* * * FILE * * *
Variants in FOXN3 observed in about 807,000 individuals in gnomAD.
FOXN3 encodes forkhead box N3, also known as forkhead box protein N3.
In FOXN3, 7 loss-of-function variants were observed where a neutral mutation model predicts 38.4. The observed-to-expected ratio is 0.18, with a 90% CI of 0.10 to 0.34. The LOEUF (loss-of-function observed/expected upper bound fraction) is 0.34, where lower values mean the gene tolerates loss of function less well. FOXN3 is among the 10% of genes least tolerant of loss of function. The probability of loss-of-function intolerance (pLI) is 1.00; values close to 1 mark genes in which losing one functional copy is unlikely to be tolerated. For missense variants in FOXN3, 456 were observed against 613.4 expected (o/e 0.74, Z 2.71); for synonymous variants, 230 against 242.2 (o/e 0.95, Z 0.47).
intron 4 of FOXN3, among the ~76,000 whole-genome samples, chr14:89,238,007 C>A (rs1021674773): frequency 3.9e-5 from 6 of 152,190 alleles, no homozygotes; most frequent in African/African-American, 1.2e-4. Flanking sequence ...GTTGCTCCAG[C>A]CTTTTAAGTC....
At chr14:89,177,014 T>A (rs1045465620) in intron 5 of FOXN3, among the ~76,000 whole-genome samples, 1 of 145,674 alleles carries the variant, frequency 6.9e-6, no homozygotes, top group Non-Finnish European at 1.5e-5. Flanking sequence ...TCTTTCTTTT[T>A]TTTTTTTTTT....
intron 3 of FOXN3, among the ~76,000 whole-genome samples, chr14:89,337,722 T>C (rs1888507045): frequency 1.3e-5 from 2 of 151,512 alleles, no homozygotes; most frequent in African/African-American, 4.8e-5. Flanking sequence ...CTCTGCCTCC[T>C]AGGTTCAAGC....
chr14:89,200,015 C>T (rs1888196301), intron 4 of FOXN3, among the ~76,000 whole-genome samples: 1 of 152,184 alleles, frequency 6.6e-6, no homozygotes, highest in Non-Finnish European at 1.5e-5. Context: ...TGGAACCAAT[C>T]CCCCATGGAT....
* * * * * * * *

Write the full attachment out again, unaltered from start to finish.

Variants in FOXN3 observed in about 807,000 individuals in gnomAD.
FOXN3 encodes forkhead box N3, also known as forkhead box protein N3.
In FOXN3, 7 loss-of-function variants were observed where a neutral mutation model predicts 38.4. The observed-to-expected ratio is 0.18, with a 90% CI of 0.10 to 0.34. The LOEUF (loss-of-function observed/expected upper bound fraction) is 0.34, where lower values mean the gene tolerates loss of function less well. FOXN3 is among the 10% of genes least tolerant of loss of function. The probability of loss-of-function intolerance (pLI) is 1.00; values close to 1 mark genes in which losing one functional copy is unlikely to be tolerated. For missense variants in FOXN3, 456 were observed against 613.4 expected (o/e 0.74, Z 2.71); for synonymous variants, 230 against 242.2 (o/e 0.95, Z 0.47).
intron 4 of FOXN3, among the ~76,000 whole-genome samples, chr14:89,238,007 C>A (rs1021674773): frequency 3.9e-5 from 6 of 152,190 alleles, no homozygotes; most frequent in African/African-American, 1.2e-4. Flanking sequence ...GTTGCTCCAG[C>A]CTTTTAAGTC....
At chr14:89,177,014 T>A (rs1045465620) in intron 5 of FOXN3, among the ~76,000 whole-genome samples, 1 of 145,674 alleles carries the variant, frequency 6.9e-6, no homozygotes, top group Non-Finnish European at 1.5e-5. Flanking sequence ...TCTTTCTTTT[T>A]TTTTTTTTTT....
intron 3 of FOXN3, among the ~76,000 whole-genome samples, chr14:89,337,722 T>C (rs1888507045): frequency 1.3e-5 from 2 of 151,512 alleles, no homozygotes; most frequent in African/African-American, 4.8e-5. Flanking sequence ...CTCTGCCTCC[T>C]AGGTTCAAGC....
chr14:89,200,015 C>T (rs1888196301), intron 4 of FOXN3, among the ~76,000 whole-genome samples: 1 of 152,184 alleles, frequency 6.6e-6, no homozygotes, highest in Non-Finnish European at 1.5e-5. Context: ...TGGAACCAAT[C>T]CCCCATGGAT....